I was HOPING that this blog would reach folks in recovery. A good friend of ours, a Real Professional Drinker, is now stone cold sober. He has known my mom for decades and watching her decline turned the tables on him. It works. Hearing and seeing the truth of the devastation of alcoholism is the KEY to staying sober. I think that is why meetings are so important. “Al” will be there for you and your family. I will soon post the numbers of drinks per day, per week that begin to kill brain cells. I am a little leery of posting them: That is one small threshold. I know the numbers will turn some folks who are drinkers cold. They are scary numbers. Drinking is TOO socially acceptable in our culture and the alcohol lobby has way too much power and money.

      My painful reality is not just mine. I WISH I could find other caretakers and I hope that I can reach others in my boat. The Demon Rum rules the roost ; I know I am not alone.
      I am trying to balance the Hell with Hopefulness. Not always easy.

      Again, Mrs. D, So nice to meet and chat. Thank you for your kind words . What ‘Al’ is doing is important; Virtual Meetings! Good God (Higher Power) ! If I had access to posts like Al’s in my early years of recovery, It would have been 1000 times easier. What Al is doing is very important.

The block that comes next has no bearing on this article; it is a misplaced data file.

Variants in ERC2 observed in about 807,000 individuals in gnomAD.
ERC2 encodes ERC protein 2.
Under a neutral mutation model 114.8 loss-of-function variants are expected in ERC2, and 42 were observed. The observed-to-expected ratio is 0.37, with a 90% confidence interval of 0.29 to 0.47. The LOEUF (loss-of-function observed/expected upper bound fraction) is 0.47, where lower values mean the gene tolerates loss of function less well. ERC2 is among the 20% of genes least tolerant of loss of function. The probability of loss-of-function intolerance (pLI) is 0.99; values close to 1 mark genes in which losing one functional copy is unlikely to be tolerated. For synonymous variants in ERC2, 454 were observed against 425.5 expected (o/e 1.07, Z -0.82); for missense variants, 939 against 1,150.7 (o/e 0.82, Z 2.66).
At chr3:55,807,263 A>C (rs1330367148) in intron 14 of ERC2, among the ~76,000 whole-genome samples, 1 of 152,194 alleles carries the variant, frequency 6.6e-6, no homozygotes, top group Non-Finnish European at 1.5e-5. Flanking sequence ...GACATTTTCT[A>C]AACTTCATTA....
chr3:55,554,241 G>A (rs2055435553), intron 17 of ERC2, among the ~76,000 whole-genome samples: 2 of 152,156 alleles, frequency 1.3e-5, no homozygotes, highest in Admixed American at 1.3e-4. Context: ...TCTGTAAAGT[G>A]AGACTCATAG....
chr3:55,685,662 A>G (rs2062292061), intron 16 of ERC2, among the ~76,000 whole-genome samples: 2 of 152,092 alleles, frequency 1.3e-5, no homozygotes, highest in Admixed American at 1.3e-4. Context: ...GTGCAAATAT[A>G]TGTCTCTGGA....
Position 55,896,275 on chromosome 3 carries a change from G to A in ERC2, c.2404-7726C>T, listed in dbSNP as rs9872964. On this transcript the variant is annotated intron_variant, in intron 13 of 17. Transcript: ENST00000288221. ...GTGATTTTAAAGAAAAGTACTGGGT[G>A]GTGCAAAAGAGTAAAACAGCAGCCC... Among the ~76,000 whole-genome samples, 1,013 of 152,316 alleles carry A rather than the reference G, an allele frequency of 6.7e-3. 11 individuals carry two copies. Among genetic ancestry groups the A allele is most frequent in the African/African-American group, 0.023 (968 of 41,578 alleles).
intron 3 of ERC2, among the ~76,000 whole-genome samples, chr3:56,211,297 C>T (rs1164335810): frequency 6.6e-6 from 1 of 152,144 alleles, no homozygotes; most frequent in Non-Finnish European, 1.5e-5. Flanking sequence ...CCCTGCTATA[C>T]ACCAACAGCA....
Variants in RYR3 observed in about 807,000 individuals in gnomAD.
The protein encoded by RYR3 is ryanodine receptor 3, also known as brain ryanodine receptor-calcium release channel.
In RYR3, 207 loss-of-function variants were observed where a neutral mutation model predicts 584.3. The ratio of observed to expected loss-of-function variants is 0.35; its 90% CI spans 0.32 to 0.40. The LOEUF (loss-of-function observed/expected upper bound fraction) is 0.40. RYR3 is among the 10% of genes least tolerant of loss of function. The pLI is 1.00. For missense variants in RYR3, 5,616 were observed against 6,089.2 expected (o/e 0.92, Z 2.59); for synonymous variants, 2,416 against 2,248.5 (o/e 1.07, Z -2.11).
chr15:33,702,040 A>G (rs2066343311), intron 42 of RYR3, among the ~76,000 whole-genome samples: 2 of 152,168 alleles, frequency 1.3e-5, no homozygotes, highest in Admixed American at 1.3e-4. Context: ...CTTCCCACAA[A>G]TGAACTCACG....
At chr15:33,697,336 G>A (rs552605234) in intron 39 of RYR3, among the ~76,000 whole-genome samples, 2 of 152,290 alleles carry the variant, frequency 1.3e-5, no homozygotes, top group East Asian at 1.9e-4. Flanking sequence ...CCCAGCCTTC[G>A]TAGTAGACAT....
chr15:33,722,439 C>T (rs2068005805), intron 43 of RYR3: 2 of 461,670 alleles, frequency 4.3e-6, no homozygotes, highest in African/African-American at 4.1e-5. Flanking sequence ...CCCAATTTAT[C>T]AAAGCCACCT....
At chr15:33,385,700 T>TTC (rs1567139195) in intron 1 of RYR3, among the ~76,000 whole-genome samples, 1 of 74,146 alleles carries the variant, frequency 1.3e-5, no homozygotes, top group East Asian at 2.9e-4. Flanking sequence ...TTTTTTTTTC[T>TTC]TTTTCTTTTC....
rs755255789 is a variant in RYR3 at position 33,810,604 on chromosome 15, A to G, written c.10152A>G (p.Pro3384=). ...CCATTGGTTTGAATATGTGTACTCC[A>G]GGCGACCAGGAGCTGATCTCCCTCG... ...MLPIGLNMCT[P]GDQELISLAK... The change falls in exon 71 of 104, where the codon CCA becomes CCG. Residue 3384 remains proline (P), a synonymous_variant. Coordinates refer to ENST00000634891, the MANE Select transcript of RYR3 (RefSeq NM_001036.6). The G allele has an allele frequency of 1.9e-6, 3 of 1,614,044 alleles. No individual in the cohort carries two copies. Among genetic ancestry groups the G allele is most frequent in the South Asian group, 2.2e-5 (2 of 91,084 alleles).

He is lucky to have YOU by his side.

      Best to you also Have a Great Day,

      Jen thank you. really thank you.


      • What a lovely response! 🙂 Thank you so much. It’s nice to know you have been on both sides of the “fence” — a recovering person and the one close to an alcoholic. That’s a good perspective for me to read about here. And it is *really* good for me to read how Al’s recovery blog is having a good effect. His “other” Al K Hall blog was started very much when he was still in the throes of drinking, and I have come to understand how his blogging in general is a “trigger” for me. (It was not easy to have him be cavalier in the other blog about drinking when I could see it pulling apart his life at the seams). But to read that his honesty and humor in his recovery blog are keys to sobriety, and to know that this is the “good blog” for him to keep up with makes me able to step outside the dynamic and see it the blogging in a more neutral, non-triggering kind of way (if that makes sense!).